Background:“Austin Powers was born out of trying to celebrate my father’s life. My father's favorites were mine - Peter Sellers, Monty Python, Peter Cook and Dudley Moore. My dad was a guy who loved to be silly; he had a highly prized sense of humor. When I would bring friends home to play table hockey in the basement, if my dad didn’t think they were funny, he wouldn’t let them in the house. 'They can't come around,' he'd say. ‘They’re not bloody funny!’” Mike MyersActor/producer/writer Mike Myers gained worldwide fame with his impersonation of an oversexed British secret agent in the sleeper hits Austin Powers series, Austin Powers: International Man of Mystery (1997), Austin Powers: The Spy who Shagged Me (1999) and Austin Powers: Gold Member (2002), in which he nabbed five MTV Movie Awards and an American Comedy Award. Myers is also best-known for playing a heavy metal-loving couch potato in the successful Wayne’s World (1992). Due to his bright performance, Myers won a MTV Movie Award in 1992. Showcasing his versatility as a dramatic actor, Myers received praise for his fine portrayal of disco-owner Steve Rubell in 1998’s mediocre 54. Myers’ film credits include Wayne’s World (1993), The Thin Pink Line (1998), Pete's Meteor (1998), Mystery, Alaska (1999), the animated hits Shrek (2001) and Shrek 2 (2004) and The Cat in the Hat (2003). “Canada is the essence of not being. Not English, not American, it is the mathematic of not being. And a subtle flavour - we're more like celery as a flavour.” Mike MyersOff screen, Canadian-born Myers stated he considers himself to be British although he is also very vocal about being a proud Canadian. He has dual citizenships, British and Canadian. One of Hollywood’s highest-paid actors, Myers received $1,000,000 for Wayne's World (1992), $3,500,000 for Wayne's World 2 (1993), $3,000,000 for Austin Powers: International Man of Mystery (1997), $7,000,000 for Austin Powers: The Spy Who Shagged Me (1999), $3,000,000 for Shrek (2001), $25,000,000 against 21% of the film’s gross for Austin Powers in Goldmember (2002) and$10,000,000 for Shrek 2 (2004). One of the most powerful celebrities, according to 2003 Forbes Top 100 Celebrity List, Myers teamed up with rapper Kanye West for a 90-second segment, part of a benefit concert for Hurricane Katrina relief on NBC, on September 2, 2005. As for his private life, Myers spends life outside the limelight with his wife Robin Ruzan, whom he married in 1993. Monty Python AdmirerChildhood and Family:Son to England-born parents, Eric Myers (ex-British army chef, died of complications of Alzheimer in 1991) and Alice Myers (actress), Michael Myers was born on May 25, 1963, in Scarborough, Ontario, Canada. Along with his two brothers, Paul Myers (born in 1962) and Peter Myers (born in 1959), Mike was raised in the town of Scarborough, outside of Toronto. Young Mike was introduced to the Monty Python and James Bond movies early, an exposure that would inspire his unusually brilliant comic style. Mike started acting in commercials when he was nine, landing spots for products like Datsun, Pepsi, Kmart, and Apple Jacks, among others. One of his early commercials including a performance with Saturday Night Live star Gilda Radner who played his mother. Mike continued to appear in many local TV shows, and upon graduation from Stephen Leacock High School, Mike joined the Second City Comedy Troupe. He performed with the group in Toronto and Chicago. In 1993, Mike Myers married actress Robin Ruzan (born in 1964), whom he met six years before. Before their marriage, the two co-wrote Wayne’s World: Extreme Close Up, about the making of his first hit film. Mike and his wife currently reside in Los Angeles. Wayne's WorldCareer:Starting out as a kid model for TV commercials, Mike Myers received his first real acting job in 1975 when he appeared as Ari in an episode of “King of Kensington,” and two years later, landed a spot in the TV series Range Ryder and the Calgary Kid (1977). After his high school graduation in 1982, Myers developed his talents by joining Toronto’s Second City improvisational comedy troupe and toured with the group to such cities as Toronto and Chicago. In 1985, he reappeared on TV as a delivery boy in the made-for-TV movie John and Yoko: A Love Story (1985), and as Wayne Campbell in the series “It's Only Rock and Roll” (1987). Myers’ first brush toward fame arrived when he was recruited by producer Lorne Michaels to become an actor and a writer for the syndicated comedy show “Saturday Night Live” (SNL) in 1989. Portraying various characters such as Dieter, a German host of the dance party/talk show “Sprockets,” Linda Richman, the New York Jewish host of “Coffee Talk;” Lank Thompson, the “Handsome Actor,” as well as his most famous alter-ego, heavy metal enthusiast Wayne Campbell, Myers was well-remembered as one of the popular series’ youngest actors who owned a collection of characters for himself. He also nabbed an Emmy for Outstanding Writing in a Variety or Music Program in 1989. Lured by the huge success of “Wayne’s World” on SNL, Myers brought it to a movie version in 1992, in which Myers co-scripted and starred in, alongside fellow SNL cast member Dana Carvey as Wayne Campbell’s muted helper Garth Algar. Their performance was so impressive that MTV handed the two actors an award for Best On Screen Duo. Moreover, Wayne’s World received $200 million in combined box office and video sales, and ended up being one of the most booming movies of the year. Myers’ second motion picture came in the following year when he was hired to play the dual role of commitment-shy beat poet and his loony Scottish dad, Charlie Mackenzie/Stuart Mackenzie, in the comedy So I Married an Axe Murderer (1993). The same year, Myers also reprised his role of Wayne Campbell for the sequel Wayne's World 2 (1993). Unlike its predecessor, the film only had moderate success. In 1995, Myers left SNL and decided to take a two-year hiatus.In 1997, Myers made a victorious comeback as a writer and a star with the release of the spy spoof Austin Powers: International Man of Mystery. Thanks to Myers’ comical dual performances as the libidinous Powers and his nemesis Dr. Evil, the movie was a hit in movie theaters and received even more success in video sales. As for Myers, he took home two MTV Movie Awards for Best Villain and Best Dance Sequence. He followed that up with a serious performance as Steve Rubell, the owner of famous New York discotheque of the 1970s, Studio 54, in the mediocre 54 (1998). The movie was moderately successful and his dramatic acting won Myers praise. Also in 1998, Myers found himself acting with Jennifer Aniston and Carrie Aizley in the comedy The Thin Pink Line (1998) and played the title character in Pete's Meteor (1998), starring opposite Alfred Molina and Brenda Fricker. At the end of decade, Myers again attracted crowds with the much-anticipated Austin Powers sequel, Austin Powers: The Spy Who Shagged Me (1999), in which he added a third character, the henchman Fat Bastard. Helmet by Jay Roach, the film received even bigger success than the original, earning $54.7 million in its first weekend, making it the third highest opening ever. Myers netted two MTV Movie Awards for Best Villain and Best On-Screen Duo (shared with Verne Troyer) and an American Comedy for Funniest Actor in a Motion Picture. After rejoining director Jay Roach for the 1999 Mystery, Alaska, Myers announced plans to star in a film based on his SNL character Dieter, the Germanic host of a program called Sprockets. However, he left the project due to lack of enthusiasm over the final script. Universal Pictures and Imagine Entertainment filed a lawsuit trying to force Myers to fulfill his commitment. Myers countersued and an agreement was reached after several months, with Myers agreeing to make another film with Universal In 2001, Myers lent his voice for the title character/green ogre in the Dreamworks animated movie Shrek. A popular among children and adults alike, Shrek scored big in the 2001 summer movie season, easily holding its own against such heavies as The Mummy Returns and Pearl Harbor. In 2003, Myers reprised his roles for Austin Powers in Goldmember (2002). Returning as Dr. Evil and Fat Basard, the third installment also saw Myers create the newest master criminal, the titular Goldmember. Like its forerunners, Austin Powers in Goldmember was also a smash hit at the box office. Because of his bravura acting, Myers picked up a sixth MTV Movie Award for Best Comedic Performance. He also won an U.S. Comedy Arts Festival for AFI Star in 2003. 2003 saw the actor work on three wide screen projects. He first starred with Gwyneth Paltrow in Miramax's romantic comedy A View From the Top (2003) before being featured as ‘Eye’ Witness in Nobody Knows Anything (2003). Myers next played the title character in Dr. Seuss' The Cat in the Hat (2003). In the following year, Myers rejoined the cast members of the 2001’s animated hit Shrek for its installment Shrek 2 (2004). Myers will also return for the third sequel, Shrek 3, in 2007. Additionally, Myers is scheduled to reprise his coveted roles for the 2007 sequel to Austin Powers' films. Spreading rumors said that Myers is reportedly in negotiation to cast British rocker Rod Steward as the spoof spy’s brother. Demi Moore and Jennifer Lopez are reportedly frontrunners to portray Powers’ latest love interest in the new film. Myers will also star as The Who’s raucous drummer Keith Moon for the forthcoming untitled biopic (2007). The film will be produced by Roger Daltrey, Nigel Sinclair and Paul Gerber.Awards: Teen Choice: Ultimate Choice Award, 2004 MTV Movie: Best Comedic Performance, Austin Powers: Gold Member, 2003 U.S. Comedy Arts Festival: AFI Star Award, 2003 Teen Choice: Film - Choice Sleazebag, 2000 American Comedy: Funniest Actor in a Motion Picture, Austin Powers: The Spy Who Shagged Me, 2000 MTV Movie: Best On-Screen Duo, Austin Powers: The Spy Who Shagged Me, shared with Verne Troyer, 2000 MTV Movie: Best Villain, Austin Powers: The Spy Who Shagged Me, 2000 MTV Movie: Best Dance Sequence, Austin Powers: International Man of Mystery, 1998 MTV Movie: Best Villain, Austin Powers: International Man of Mystery, 1998 MTV Movie: Best On Screen Duo, Wayne's World, shared with Dana Carvey, 1992 Emmy: Outstanding Writing in a Variety or Music Program, Saturday Night Live, shared with staff writers, 1989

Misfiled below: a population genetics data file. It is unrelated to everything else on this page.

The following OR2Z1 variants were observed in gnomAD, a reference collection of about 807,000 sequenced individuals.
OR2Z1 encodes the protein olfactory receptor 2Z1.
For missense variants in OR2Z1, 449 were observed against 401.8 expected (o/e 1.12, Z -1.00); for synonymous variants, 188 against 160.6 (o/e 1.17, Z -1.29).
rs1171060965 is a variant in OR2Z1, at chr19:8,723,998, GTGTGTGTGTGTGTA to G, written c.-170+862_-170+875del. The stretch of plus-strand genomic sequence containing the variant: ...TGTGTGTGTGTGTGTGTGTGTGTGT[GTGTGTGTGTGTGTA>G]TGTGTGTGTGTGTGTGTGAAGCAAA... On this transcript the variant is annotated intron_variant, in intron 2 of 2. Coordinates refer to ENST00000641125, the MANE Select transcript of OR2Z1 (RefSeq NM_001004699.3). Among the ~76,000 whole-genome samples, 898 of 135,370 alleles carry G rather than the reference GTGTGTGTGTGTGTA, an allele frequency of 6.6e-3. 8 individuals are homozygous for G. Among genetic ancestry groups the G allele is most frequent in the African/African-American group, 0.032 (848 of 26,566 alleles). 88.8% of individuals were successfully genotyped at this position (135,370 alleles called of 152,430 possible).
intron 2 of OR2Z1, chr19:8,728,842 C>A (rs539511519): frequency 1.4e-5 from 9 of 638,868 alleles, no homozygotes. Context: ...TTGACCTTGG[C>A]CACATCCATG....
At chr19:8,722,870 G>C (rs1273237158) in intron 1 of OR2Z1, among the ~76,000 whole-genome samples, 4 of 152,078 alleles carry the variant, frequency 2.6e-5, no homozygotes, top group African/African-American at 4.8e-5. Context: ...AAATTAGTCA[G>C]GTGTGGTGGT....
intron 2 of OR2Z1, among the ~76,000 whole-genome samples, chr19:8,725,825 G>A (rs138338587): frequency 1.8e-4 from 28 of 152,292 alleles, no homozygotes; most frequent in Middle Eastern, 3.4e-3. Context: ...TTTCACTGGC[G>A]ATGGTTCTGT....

Everything I do is autobiographical in some way. 'Wayne's World' was me growing up in the suburbs of Toronto and listening to heavy metal, and 'Austin Powers' was every bit of British culture that my father, who passed away in 1991, had forced me to watch and taught me to love.More Mike Myers quotes [03/29/2018 05:03:36]
I once thought I had mono for an entire year. It turned out I was just really bored.More Mike Myers quotes [03/29/2018 05:03:36]
Dr. Evil got shortchanged in the first one. The family dynamic between Scott and Dr. Evil - the adventures of being an evil single parent - needed to be explored.More Mike Myers quotes [03/29/2018 05:03:36]
With fame there is a crosswire between intensity and intimacy. You have decoy intimacy, but you are also very much alone.More Mike Myers quotes [03/12/2018 02:03:32]
My father was a very funny man, and one of my strongest recollections is hearing him laugh. He didn't like people who had no sense of humour.More Mike Myers quotes [03/29/2018 05:03:36]